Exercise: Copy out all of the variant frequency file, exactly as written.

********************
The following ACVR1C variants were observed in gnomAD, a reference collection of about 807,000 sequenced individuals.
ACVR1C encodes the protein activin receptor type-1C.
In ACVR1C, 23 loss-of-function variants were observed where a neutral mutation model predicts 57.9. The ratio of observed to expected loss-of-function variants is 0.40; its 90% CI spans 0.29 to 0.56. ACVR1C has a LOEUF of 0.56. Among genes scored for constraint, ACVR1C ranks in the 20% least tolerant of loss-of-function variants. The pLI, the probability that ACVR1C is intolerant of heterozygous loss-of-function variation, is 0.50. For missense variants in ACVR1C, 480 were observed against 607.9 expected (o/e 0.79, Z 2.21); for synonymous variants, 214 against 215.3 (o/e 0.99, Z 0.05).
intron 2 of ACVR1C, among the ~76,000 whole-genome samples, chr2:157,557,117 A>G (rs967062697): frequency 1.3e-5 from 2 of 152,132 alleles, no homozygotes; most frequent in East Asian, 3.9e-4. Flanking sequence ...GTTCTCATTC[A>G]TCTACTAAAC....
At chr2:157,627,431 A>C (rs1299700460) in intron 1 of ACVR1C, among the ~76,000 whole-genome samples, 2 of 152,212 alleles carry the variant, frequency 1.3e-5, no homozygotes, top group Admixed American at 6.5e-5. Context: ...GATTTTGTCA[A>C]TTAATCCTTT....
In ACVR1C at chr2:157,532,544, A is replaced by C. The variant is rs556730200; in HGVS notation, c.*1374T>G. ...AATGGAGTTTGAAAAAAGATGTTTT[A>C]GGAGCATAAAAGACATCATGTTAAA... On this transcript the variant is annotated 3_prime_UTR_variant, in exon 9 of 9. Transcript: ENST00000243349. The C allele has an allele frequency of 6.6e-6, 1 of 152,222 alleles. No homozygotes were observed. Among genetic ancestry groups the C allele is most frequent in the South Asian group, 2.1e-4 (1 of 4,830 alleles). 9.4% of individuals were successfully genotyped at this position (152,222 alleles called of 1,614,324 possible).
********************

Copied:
The following ACVR1C variants were observed in gnomAD, a reference collection of about 807,000 sequenced individuals.
ACVR1C encodes the protein activin receptor type-1C.
In ACVR1C, 23 loss-of-function variants were observed where a neutral mutation model predicts 57.9. The ratio of observed to expected loss-of-function variants is 0.40; its 90% CI spans 0.29 to 0.56. ACVR1C has a LOEUF of 0.56. Among genes scored for constraint, ACVR1C ranks in the 20% least tolerant of loss-of-function variants. The pLI, the probability that ACVR1C is intolerant of heterozygous loss-of-function variation, is 0.50. For missense variants in ACVR1C, 480 were observed against 607.9 expected (o/e 0.79, Z 2.21); for synonymous variants, 214 against 215.3 (o/e 0.99, Z 0.05).
intron 2 of ACVR1C, among the ~76,000 whole-genome samples, chr2:157,557,117 A>G (rs967062697): frequency 1.3e-5 from 2 of 152,132 alleles, no homozygotes; most frequent in East Asian, 3.9e-4. Flanking sequence ...GTTCTCATTC[A>G]TCTACTAAAC....
At chr2:157,627,431 A>C (rs1299700460) in intron 1 of ACVR1C, among the ~76,000 whole-genome samples, 2 of 152,212 alleles carry the variant, frequency 1.3e-5, no homozygotes, top group Admixed American at 6.5e-5. Context: ...GATTTTGTCA[A>C]TTAATCCTTT....
In ACVR1C at chr2:157,532,544, A is replaced by C. The variant is rs556730200; in HGVS notation, c.*1374T>G. ...AATGGAGTTTGAAAAAAGATGTTTT[A>C]GGAGCATAAAAGACATCATGTTAAA... On this transcript the variant is annotated 3_prime_UTR_variant, in exon 9 of 9. Transcript: ENST00000243349. The C allele has an allele frequency of 6.6e-6, 1 of 152,222 alleles. No homozygotes were observed. Among genetic ancestry groups the C allele is most frequent in the South Asian group, 2.1e-4 (1 of 4,830 alleles). 9.4% of individuals were successfully genotyped at this position (152,222 alleles called of 1,614,324 possible).